to all nationalistic greek friends writing here, count your blessings dr tremblay does not work for turkish foreign ministery. She is only too sharp. There is fire at all corners of Turkey and still they are troubling us Israelis. Too bad
aharon beitz
The article is definitely very interesting to read. The author does an effective job in being captivating and informative. It is not dry toast, but really gets you. Also if those racists were nice to you mrs tremblay you must be a very intersting lady. do you have a news program in turkey?
universidad
I came across this piece while trying to understand the golden dawn. I live in Australia, and i found this piece to be very useful. The author does not claim the party members are true blood GREEKS, he just explains their thinking and foreign policy statements. I did not even know aobut this newspap...
kazidakis
@paul -- the article makes it clear that chrysi avgi will never assume the control of the parliament but its rhetoric will affect the mainstream parties and hence the turks should be vigilant. there is no harm in vigilance now is there?
tania
@ Tania--here's my issue with Ms. Tremblay's article: her final sentence says "And Turkish foreign-policymakers should watch Chrysi Avgi’s rhetoric and repercussions carefully and be prepared for further challenges ahead on the Western front." Reads like a veiled threat to me--here's why: Chryssi...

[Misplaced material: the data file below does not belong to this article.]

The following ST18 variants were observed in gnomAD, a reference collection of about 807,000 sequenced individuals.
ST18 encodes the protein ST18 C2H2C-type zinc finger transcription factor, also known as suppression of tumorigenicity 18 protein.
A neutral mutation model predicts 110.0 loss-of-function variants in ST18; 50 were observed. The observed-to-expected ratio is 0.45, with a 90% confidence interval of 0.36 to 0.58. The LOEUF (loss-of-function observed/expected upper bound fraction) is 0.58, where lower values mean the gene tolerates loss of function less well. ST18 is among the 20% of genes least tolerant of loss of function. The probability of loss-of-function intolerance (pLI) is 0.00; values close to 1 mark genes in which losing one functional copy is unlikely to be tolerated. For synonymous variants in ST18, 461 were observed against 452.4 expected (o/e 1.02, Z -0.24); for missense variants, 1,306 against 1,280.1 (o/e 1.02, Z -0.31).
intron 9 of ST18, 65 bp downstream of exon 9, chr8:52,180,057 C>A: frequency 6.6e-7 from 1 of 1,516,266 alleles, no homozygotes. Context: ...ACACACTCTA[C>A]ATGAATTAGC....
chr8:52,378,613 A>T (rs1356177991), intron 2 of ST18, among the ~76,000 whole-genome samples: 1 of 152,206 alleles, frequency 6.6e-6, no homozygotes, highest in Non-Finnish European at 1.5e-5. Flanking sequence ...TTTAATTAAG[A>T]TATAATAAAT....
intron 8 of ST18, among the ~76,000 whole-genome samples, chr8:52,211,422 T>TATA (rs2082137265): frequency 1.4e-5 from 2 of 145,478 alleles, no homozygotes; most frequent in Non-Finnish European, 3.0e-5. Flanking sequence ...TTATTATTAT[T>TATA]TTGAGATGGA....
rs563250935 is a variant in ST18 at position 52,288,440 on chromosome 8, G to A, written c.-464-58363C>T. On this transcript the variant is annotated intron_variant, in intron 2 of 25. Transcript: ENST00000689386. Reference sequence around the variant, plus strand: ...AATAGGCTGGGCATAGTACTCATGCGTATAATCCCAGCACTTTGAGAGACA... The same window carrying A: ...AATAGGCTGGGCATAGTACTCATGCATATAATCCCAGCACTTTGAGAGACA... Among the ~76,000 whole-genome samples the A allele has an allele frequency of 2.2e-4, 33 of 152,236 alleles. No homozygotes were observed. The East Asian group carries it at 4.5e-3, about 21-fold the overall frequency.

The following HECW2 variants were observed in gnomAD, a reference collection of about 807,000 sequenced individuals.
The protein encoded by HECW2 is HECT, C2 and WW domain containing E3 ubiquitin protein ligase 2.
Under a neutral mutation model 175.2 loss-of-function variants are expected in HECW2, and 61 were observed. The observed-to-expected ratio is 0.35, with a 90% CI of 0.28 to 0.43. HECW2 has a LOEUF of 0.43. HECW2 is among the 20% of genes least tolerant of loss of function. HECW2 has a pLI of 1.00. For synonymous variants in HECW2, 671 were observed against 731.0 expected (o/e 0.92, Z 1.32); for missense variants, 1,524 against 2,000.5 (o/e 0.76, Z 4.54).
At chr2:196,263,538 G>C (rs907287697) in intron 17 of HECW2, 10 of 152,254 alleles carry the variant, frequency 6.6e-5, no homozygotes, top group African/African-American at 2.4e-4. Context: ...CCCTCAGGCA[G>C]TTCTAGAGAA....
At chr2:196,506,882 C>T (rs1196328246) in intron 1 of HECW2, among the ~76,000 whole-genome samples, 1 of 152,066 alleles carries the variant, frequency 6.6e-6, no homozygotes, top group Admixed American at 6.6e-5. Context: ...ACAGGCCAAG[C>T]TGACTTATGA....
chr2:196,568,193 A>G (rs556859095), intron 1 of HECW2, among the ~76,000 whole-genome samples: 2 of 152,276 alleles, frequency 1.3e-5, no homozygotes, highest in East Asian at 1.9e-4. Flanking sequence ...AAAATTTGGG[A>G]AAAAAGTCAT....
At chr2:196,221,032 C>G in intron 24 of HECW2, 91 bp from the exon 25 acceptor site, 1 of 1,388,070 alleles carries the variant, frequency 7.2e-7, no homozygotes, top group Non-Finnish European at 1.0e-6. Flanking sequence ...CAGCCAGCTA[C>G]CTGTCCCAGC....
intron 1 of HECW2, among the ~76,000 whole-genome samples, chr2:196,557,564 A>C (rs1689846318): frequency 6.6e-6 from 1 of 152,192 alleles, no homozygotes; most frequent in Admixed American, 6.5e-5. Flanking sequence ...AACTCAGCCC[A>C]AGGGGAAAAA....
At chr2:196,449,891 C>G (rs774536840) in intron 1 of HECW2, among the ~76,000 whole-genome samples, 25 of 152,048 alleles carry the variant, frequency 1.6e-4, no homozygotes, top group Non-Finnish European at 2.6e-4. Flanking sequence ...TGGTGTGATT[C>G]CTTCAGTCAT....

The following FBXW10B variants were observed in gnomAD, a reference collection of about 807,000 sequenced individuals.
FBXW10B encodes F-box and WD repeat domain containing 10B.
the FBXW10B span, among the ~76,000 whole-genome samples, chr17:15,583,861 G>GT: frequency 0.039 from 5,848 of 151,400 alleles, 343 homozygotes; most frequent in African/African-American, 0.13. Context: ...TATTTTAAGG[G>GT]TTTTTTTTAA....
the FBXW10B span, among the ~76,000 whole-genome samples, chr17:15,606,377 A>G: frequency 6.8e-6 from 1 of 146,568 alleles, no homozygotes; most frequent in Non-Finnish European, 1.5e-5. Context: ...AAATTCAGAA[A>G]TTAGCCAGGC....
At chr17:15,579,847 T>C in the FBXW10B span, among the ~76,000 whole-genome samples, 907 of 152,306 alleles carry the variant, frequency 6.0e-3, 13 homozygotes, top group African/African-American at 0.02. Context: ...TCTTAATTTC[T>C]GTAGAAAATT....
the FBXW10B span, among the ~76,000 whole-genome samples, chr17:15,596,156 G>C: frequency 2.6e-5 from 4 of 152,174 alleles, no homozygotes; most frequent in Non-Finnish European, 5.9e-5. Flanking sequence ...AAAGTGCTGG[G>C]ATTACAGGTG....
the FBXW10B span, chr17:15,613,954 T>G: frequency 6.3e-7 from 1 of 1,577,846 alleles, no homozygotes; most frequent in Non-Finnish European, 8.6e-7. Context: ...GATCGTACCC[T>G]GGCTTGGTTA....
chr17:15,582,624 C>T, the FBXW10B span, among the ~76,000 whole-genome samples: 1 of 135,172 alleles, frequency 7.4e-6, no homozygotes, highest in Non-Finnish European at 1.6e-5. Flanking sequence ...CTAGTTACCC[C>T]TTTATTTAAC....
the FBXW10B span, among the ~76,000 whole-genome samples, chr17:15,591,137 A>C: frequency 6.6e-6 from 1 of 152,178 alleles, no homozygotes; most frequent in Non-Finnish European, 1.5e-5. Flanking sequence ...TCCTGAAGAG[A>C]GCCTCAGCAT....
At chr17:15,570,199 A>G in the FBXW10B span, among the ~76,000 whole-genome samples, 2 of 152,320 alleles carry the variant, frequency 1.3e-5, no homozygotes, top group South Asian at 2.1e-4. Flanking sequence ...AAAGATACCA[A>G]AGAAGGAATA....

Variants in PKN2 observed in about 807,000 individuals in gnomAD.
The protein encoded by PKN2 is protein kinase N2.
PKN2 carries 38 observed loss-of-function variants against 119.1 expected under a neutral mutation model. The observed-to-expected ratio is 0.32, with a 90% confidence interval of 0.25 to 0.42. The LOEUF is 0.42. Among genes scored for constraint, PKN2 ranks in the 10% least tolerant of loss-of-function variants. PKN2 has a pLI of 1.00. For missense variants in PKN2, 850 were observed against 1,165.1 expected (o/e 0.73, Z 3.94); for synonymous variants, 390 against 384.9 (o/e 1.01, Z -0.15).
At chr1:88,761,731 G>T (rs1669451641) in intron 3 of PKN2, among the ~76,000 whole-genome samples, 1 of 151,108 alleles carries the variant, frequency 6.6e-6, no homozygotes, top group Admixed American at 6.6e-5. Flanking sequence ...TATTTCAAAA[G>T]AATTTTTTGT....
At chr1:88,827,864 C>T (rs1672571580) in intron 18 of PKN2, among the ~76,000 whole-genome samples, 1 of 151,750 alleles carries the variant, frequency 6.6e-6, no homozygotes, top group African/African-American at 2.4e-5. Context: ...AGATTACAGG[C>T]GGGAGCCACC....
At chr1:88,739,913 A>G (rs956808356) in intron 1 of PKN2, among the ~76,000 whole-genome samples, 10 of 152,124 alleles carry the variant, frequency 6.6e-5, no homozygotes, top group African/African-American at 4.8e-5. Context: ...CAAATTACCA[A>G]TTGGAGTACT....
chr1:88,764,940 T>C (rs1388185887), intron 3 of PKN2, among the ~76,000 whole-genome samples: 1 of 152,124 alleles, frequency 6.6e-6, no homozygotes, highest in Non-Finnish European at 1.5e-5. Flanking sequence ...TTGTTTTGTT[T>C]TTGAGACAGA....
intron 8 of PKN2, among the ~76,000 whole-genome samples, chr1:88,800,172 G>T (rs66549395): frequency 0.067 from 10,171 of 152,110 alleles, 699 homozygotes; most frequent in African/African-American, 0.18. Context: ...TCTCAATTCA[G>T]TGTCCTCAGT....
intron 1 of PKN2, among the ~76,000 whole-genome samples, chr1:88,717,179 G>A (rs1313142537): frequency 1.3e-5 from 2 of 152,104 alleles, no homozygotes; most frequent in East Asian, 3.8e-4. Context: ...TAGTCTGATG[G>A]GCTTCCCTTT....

Paul
Chrisi Avgi may shout that all foreigners must leave Greece but at the same time this organisation has relations with the albanian mafia and others alike. During the last election for example, in an election center in Kifissia/Athens, Chrisi Avgi's electoral representative was a woman from Armenia. ...
Natalie from Greece
some analysts and scholars are unique because they have foresight, i would like to applaud prof tremblay for her wisdom and foresight. The analysis does not really say anything negative about greece so some of the criticism here is rather harsh. Tremblay has written candidly as an American woman, br...
david ben-amit
@evangelos i think it is called humour. Pricky Greeks!!! She has not even really criticized all the mess Greece is going through and how corrupt the political system is. That is why it is dangerous when it comes from Greece but not from the US. you have no system. You cant even get the joke so i gue...
bernard
It looks like the piece has done a great job just by saying be vigilant to Turks, all angry Greek men are up in arms. Just for that mashAllah sister, there are so many Greeks in Istanbul and Turkey, working studying Turkey, they criticize Turkey harshy and you have NOT even criticized Greeks and eve...
ibrahim
@ paul - the author has written about Turkey as well. She is a foreign policy expert, the piece advices NOT GREEK politicians but Turkish foreign policy makers, why does not she have the right to talk about chrysi avgi?
tania kasiadis